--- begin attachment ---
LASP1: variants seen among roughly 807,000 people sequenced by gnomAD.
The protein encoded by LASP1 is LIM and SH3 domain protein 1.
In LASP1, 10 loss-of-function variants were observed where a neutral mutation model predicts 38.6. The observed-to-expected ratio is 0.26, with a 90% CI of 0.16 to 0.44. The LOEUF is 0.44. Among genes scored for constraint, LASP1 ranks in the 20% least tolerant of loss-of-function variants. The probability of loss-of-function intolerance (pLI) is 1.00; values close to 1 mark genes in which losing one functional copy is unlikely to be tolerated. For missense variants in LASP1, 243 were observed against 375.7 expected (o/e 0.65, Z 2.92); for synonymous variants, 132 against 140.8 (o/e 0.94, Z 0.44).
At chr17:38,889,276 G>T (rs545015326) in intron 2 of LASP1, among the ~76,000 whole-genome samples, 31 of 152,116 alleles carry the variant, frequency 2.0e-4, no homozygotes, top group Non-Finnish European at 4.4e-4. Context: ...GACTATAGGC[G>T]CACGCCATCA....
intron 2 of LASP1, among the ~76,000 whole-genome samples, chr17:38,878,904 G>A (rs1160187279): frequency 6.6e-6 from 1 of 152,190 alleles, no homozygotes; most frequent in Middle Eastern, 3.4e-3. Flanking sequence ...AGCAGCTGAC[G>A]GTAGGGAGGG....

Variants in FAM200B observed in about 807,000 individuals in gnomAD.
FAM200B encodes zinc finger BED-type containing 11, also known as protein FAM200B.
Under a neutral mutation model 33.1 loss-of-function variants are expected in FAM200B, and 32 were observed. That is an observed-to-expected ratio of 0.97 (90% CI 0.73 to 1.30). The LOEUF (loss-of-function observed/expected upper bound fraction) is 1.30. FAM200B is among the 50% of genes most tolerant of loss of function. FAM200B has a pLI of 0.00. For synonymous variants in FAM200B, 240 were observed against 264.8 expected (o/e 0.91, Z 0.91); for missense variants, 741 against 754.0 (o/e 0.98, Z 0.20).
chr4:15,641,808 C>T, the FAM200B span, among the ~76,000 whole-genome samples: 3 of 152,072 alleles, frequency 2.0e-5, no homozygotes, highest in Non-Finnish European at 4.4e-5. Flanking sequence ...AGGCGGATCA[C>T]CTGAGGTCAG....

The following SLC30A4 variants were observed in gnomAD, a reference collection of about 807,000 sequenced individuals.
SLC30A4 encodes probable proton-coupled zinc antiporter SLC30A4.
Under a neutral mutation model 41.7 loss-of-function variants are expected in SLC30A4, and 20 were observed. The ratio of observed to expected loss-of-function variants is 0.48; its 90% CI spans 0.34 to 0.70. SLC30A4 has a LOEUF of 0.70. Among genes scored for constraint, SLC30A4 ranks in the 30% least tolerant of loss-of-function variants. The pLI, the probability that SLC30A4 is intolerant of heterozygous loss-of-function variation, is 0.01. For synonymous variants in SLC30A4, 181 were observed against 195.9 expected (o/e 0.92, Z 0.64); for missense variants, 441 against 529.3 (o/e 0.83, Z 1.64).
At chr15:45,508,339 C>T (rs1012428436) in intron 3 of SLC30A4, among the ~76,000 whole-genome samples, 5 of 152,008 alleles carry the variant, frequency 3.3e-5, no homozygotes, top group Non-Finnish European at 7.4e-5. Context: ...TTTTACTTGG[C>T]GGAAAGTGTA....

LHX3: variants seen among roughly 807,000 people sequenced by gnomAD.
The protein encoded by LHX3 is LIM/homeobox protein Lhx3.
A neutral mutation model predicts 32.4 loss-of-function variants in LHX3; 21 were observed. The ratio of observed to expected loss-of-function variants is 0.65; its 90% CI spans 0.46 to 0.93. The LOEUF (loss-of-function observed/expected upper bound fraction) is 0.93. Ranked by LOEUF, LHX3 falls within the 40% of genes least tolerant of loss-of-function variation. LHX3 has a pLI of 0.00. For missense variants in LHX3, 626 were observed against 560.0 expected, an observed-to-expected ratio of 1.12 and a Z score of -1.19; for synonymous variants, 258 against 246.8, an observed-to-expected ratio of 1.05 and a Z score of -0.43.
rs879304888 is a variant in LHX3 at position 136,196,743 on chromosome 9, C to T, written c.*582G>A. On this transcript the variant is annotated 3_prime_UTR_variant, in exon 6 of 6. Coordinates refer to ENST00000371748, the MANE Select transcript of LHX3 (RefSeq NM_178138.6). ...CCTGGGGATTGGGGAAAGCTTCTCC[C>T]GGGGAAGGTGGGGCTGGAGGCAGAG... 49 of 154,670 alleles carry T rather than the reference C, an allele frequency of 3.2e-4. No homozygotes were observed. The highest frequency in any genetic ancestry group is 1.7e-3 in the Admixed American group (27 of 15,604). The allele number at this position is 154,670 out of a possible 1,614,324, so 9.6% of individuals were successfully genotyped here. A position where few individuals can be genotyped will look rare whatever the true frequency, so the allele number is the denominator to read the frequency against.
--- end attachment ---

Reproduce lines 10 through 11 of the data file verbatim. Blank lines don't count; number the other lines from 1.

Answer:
The following SLC30A4 variants were observed in gnomAD, a reference collection of about 807,000 sequenced individuals.
SLC30A4 encodes probable proton-coupled zinc antiporter SLC30A4.